- Navigating in Terrorem Clauses: Guidance from Hallett v. Hallett
- April 25, 2017 | Author: Ralph F. Holmes
- Law Firm: McLane Middleton, Professional Association - Manchester Office
- Testamentary in terrorem provisions, which compel forfeiture by a legatee upon unsuccessful challenge to the validity of an estate plan and/or its administration, have a rich history, with antecedents in the ancient world, and in English and American case law, as far back as 1674 and 1898, respectively.
In New Hampshire, “[t]he general rule is well established that a beneficiary who contests the will will forfeit his share in accordance with a provision in the will therefore,” according to Burtman v. Butman (NH, 1952). In often identical language, RSA 564-B:10-1014 for trusts and RSA 551:22 for wills mandate the enforcement of the intent “as reflected in a no-contest provision... to the greatest extent possible,” and “without regard to the presence or absence of probable cause for, or the beneficiary’s good or bad faith.”
Those statutes exempt from enforcement: “[a]ny action to determine whether a proposed or pending motion, petition, or other proceeding constitutes a contest within the meaning of a no-contest provision,” and “[a]ny action brought by a beneficiary or on behalf of any such beneficiary for a construction or interpretation of the terms of the trust [or will].”
In the case of an action contesting the validity of a will or trust, “[a] no-contest provision shall be unenforceable to the extent that the [instrument] is [determined to be] invalid... [and] [i]n the case of an action... to challenge the acts of the [fiduciary]..., a no-contest provision shall be unenforceable to the extent that the [fiduciary]... has committed a breach of fiduciary duties or breach of trust,” according to state statutes.
Counsel representing a beneficiary contemplating an action to contest the validity or the fiduciary’s administration of a trust or will needs to advise the client carefully about in terrorem risks. The decisions of Judge Gary Cassavechia in Hallett v. Hallett provide important guidance on:
- The extent to which the Court will provide instruction as to whether an action constitutes a “contest” under an in terrorem clause;
- Whether the Court will provide guidance as to the risks of forfeiture if the beneficiary succeeds on less than all claims;
- Whether conducting discovery irrevocably commits a beneficiary to having engaged in a contest.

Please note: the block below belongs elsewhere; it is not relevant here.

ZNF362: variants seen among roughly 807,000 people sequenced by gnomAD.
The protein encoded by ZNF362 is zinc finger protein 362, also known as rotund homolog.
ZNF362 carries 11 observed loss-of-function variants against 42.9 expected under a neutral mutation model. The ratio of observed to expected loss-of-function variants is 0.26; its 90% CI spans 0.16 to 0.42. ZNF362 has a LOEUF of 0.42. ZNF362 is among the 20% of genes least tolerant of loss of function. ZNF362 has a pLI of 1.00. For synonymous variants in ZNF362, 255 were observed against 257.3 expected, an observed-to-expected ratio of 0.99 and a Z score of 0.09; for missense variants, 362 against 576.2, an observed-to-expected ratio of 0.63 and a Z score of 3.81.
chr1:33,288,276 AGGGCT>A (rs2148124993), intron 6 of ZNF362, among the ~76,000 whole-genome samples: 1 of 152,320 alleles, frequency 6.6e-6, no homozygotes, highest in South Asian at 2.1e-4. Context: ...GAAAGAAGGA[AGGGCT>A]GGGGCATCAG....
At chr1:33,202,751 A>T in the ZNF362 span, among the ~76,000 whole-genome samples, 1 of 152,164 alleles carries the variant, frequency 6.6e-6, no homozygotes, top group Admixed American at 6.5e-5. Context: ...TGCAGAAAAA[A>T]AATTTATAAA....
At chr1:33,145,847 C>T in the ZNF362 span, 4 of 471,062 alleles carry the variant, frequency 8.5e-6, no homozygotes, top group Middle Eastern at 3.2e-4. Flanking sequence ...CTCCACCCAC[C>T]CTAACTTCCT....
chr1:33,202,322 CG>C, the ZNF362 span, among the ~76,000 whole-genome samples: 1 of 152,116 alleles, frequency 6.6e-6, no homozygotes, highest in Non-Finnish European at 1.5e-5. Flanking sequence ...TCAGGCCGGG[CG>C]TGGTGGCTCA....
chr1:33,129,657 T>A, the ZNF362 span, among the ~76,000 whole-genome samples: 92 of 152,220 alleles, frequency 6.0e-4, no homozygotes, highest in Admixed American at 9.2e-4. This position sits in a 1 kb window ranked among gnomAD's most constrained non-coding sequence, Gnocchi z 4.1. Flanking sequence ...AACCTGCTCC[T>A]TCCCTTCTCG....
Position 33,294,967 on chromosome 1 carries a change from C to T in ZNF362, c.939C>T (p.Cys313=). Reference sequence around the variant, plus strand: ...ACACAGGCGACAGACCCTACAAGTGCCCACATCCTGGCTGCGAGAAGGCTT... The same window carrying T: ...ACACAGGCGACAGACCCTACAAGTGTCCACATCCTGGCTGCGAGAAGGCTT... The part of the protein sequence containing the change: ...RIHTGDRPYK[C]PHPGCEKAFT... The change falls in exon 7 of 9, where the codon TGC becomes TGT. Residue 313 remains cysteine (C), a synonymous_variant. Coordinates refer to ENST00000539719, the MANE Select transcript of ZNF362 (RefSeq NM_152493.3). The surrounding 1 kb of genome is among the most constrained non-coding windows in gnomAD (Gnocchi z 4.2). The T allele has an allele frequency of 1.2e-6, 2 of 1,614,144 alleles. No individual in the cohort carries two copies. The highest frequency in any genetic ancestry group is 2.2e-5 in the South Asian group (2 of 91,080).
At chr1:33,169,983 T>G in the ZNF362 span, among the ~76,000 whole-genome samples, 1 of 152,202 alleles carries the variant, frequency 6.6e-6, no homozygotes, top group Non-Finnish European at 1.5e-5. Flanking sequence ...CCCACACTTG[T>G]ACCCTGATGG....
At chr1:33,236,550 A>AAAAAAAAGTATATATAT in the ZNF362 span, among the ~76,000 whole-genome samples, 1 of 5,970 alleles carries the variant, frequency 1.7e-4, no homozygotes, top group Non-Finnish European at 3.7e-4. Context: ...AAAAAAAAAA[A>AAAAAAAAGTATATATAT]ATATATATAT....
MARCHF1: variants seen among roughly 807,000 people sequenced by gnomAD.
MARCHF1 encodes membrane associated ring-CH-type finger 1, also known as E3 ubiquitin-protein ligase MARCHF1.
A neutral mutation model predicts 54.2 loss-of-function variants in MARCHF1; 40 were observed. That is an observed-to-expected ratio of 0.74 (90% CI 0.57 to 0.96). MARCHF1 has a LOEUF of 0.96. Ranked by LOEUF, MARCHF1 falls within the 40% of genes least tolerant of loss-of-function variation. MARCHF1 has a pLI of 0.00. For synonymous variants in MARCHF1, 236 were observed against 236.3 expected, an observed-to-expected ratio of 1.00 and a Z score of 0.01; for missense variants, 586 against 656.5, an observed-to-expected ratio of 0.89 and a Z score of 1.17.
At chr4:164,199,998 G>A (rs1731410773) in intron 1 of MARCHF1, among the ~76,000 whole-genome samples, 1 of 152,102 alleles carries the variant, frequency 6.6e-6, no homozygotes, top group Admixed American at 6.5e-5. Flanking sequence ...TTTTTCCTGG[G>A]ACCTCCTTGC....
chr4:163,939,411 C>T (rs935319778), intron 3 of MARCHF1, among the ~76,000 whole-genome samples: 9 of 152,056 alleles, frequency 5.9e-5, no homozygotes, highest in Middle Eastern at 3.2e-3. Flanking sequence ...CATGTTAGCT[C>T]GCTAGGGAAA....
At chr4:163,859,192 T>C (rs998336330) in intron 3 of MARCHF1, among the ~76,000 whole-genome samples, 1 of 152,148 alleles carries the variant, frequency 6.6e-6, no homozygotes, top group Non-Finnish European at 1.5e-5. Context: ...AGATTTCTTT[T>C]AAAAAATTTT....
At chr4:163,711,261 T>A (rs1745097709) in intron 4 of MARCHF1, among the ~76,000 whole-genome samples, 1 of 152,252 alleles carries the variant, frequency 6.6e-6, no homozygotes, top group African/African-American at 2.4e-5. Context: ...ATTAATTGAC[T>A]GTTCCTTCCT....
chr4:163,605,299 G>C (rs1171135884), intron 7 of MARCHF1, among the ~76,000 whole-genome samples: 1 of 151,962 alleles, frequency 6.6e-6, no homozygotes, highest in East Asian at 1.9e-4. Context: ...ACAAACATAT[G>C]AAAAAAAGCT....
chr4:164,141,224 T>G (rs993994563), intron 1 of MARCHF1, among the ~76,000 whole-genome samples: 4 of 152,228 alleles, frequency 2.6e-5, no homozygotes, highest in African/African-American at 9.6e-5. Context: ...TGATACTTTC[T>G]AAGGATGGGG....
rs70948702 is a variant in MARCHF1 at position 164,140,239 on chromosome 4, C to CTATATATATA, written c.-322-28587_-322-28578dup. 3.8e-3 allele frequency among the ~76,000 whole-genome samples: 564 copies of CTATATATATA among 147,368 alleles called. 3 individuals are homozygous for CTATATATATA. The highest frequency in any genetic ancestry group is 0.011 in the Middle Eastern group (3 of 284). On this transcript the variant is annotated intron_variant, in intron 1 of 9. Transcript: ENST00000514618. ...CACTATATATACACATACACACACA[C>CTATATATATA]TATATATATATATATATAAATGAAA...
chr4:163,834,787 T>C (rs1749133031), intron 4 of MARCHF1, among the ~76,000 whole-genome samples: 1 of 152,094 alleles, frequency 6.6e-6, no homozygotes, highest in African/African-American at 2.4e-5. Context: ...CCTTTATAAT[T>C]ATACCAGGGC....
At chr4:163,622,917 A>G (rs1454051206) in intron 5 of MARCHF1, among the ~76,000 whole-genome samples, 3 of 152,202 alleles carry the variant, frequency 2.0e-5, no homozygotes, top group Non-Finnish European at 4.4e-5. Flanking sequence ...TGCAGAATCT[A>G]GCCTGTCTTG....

“Contest of Will or Trust. It is the Grantor’s will and direction that if any beneficiary under this Trust... or any other person, shall, directly or indirectly institute, conduct or in any manner whatsoever take part in or aid in any proceeding to oppose the... administration of this Trust, or any amendment hereto, or impair, invalidate or set aside the same, or any of their provisions, then, in such event, the provision herein made for the benefit of such person or persons shall thereupon be revoked. Such person or persons shall thereafter be excluded from any participation in this Trust and shall, thenceforth, have no right, title or interest in the assets of this Trust. Any property, devise, bequest or distribution to such person or persons shall thereafter pass as if such person or persons did not survive the Grantor.” (Emphasis added.)
Thus, the trust mandates forfeiture in the event a beneficiary “shall, directly or indirectly institute, conduct or in any manner whatsoever take part in or aid in any proceeding to oppose the... administration of this Trust.” As the Court stated in its Jan. 15, 2014 order (the “First Safe Harbor Order”), “[t]his language manifests an intention of the settlor to discourage provocations impugning even mere acts of or, presumably inclusively, omissions in administration.”
Mindful of this prohibition, the Beneficiaries in count I of their 11-count petition and a “Motion for a Ruling on the Safe Harbor Provision of NH RSA 564-B:10-1014” sought a ruling that the filing of their action did not constitute a contest in violation of the in terrorem clause. In a supplemental filing, the Beneficiaries sought “additional court orders that the no-contest provision... is unenforceable: 1) ‘to the extent... the trust is invalid because of fraud [or] violates public policy;’ [and] 2) ‘because the fundamentals of [their] action solely challenge the acts of the Trustees as... breach[es] of [their] fiduciary duties...,’” according to the order.
“Given that the Co-Trustees have seasonably objected and indicated an intent to disprove the allegations,” the Court held that it could give guidance under RSA 564-B:10-1014c)(3) as to which claims in the petition were contests within the meaning of the in terrorem provision, but could not give guidance until after a trial as to whether forfeiture would be imposed if the contests were pursued. “Put another way, the Hallett Beneficiaries may only find statutory sanctuary from the no-contest provision after they successfully prove, to the measure needed, what they have alleged.” The Court went on to recognize “that the journey to these safe harbors is necessarily fraught with risk for a litigant, as actual invalidity of the trust, or breach of duty by a trustee cannot be determined in advance of completed litigation.”
Reviewing the petition, the Court held that all of the counts, other than the request for the advisory order, amounted to in terrorem contests, including those which were wholly remedial and sought modification of the trust, enforcement of the no-contest provision against the surviving spouse as beneficiary, and an award of attorneys’ fees and costs, reasoning that to the extent that these claims sought limitations on the Trustees’ discretion, they sought to interfere with the administration of the trust and were contests under the in terrorem clause. The Court granted the Beneficiaries leave to amend their petition in light of the Court’s rulings.